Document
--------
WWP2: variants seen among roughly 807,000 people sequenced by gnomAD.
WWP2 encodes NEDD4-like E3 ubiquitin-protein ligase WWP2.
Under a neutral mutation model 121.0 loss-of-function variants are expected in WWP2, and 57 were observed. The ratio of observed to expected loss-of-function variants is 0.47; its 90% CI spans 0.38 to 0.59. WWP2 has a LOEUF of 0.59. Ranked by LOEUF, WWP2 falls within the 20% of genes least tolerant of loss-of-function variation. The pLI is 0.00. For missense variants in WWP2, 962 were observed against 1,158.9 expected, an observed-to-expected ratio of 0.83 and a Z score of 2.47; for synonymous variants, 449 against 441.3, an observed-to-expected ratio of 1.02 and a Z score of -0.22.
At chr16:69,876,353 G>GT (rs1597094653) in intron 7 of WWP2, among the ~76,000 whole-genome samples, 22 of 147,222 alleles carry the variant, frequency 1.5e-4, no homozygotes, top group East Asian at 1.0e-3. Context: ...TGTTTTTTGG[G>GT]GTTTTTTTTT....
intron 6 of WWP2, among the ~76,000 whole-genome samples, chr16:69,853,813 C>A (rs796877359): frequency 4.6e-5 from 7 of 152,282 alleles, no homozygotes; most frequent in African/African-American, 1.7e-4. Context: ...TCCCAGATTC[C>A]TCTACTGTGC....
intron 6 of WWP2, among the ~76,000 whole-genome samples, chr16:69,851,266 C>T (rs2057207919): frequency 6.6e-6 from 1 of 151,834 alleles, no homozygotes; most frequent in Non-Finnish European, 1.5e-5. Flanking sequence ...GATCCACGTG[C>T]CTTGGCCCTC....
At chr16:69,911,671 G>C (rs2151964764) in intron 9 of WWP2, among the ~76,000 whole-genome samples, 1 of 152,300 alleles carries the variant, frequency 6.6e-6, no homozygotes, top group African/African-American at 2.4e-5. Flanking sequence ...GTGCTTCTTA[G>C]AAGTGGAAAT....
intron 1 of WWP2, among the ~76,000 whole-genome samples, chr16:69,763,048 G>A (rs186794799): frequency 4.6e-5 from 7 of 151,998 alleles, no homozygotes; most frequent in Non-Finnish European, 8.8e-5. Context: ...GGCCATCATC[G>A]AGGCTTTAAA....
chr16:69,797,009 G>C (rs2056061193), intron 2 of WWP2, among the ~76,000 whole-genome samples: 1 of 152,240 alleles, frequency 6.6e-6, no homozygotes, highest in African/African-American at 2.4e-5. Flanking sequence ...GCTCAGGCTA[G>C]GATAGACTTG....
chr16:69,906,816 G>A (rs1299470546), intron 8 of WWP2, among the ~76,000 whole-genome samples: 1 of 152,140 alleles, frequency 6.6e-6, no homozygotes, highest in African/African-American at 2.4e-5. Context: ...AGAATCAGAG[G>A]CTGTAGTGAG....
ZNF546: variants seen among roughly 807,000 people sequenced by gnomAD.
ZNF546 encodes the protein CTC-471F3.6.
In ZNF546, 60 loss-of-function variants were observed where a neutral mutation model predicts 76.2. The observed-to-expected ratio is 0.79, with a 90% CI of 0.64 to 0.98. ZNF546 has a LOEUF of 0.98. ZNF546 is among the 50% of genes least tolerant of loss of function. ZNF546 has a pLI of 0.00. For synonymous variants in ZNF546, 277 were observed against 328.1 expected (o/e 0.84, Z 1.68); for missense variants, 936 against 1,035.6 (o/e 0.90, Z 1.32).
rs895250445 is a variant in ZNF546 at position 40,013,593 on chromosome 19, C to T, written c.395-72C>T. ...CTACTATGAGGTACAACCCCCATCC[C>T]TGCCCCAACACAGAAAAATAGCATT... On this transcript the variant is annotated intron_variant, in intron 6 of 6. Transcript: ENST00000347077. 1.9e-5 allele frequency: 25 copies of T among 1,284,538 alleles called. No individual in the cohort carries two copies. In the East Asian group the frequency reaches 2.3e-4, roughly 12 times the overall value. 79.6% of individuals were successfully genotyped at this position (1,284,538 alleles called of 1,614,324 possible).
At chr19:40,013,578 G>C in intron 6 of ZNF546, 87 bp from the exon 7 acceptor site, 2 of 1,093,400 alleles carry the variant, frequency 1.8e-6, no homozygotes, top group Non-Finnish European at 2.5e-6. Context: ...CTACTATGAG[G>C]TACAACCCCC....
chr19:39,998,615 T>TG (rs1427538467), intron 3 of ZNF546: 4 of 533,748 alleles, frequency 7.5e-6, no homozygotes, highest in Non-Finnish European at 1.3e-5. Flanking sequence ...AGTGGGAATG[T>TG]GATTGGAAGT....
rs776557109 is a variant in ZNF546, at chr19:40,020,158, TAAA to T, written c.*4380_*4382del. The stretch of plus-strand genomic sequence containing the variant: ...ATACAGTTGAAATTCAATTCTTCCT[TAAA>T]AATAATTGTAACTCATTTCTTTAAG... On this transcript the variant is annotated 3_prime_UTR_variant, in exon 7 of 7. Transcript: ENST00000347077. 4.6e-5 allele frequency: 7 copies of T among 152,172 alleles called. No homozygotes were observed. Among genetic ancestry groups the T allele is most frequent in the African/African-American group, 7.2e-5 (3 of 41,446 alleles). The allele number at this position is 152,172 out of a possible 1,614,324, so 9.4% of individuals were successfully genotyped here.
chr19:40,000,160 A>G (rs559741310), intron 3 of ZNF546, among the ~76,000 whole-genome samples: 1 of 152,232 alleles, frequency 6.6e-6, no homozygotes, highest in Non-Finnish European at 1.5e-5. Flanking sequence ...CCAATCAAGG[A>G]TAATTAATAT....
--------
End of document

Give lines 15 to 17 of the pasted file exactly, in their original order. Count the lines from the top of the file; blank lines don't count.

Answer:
At chr19:40,013,578 G>C in intron 6 of ZNF546, 87 bp from the exon 7 acceptor site, 2 of 1,093,400 alleles carry the variant, frequency 1.8e-6, no homozygotes, top group Non-Finnish European at 2.5e-6. Context: ...CTACTATGAG[G>C]TACAACCCCC....
chr19:39,998,615 T>TG (rs1427538467), intron 3 of ZNF546: 4 of 533,748 alleles, frequency 7.5e-6, no homozygotes, highest in Non-Finnish European at 1.3e-5. Flanking sequence ...AGTGGGAATG[T>TG]GATTGGAAGT....
rs776557109 is a variant in ZNF546, at chr19:40,020,158, TAAA to T, written c.*4380_*4382del. The stretch of plus-strand genomic sequence containing the variant: ...ATACAGTTGAAATTCAATTCTTCCT[TAAA>T]AATAATTGTAACTCATTTCTTTAAG... On this transcript the variant is annotated 3_prime_UTR_variant, in exon 7 of 7. Transcript: ENST00000347077. 4.6e-5 allele frequency: 7 copies of T among 152,172 alleles called. No homozygotes were observed. Among genetic ancestry groups the T allele is most frequent in the African/African-American group, 7.2e-5 (3 of 41,446 alleles). The allele number at this position is 152,172 out of a possible 1,614,324, so 9.4% of individuals were successfully genotyped here.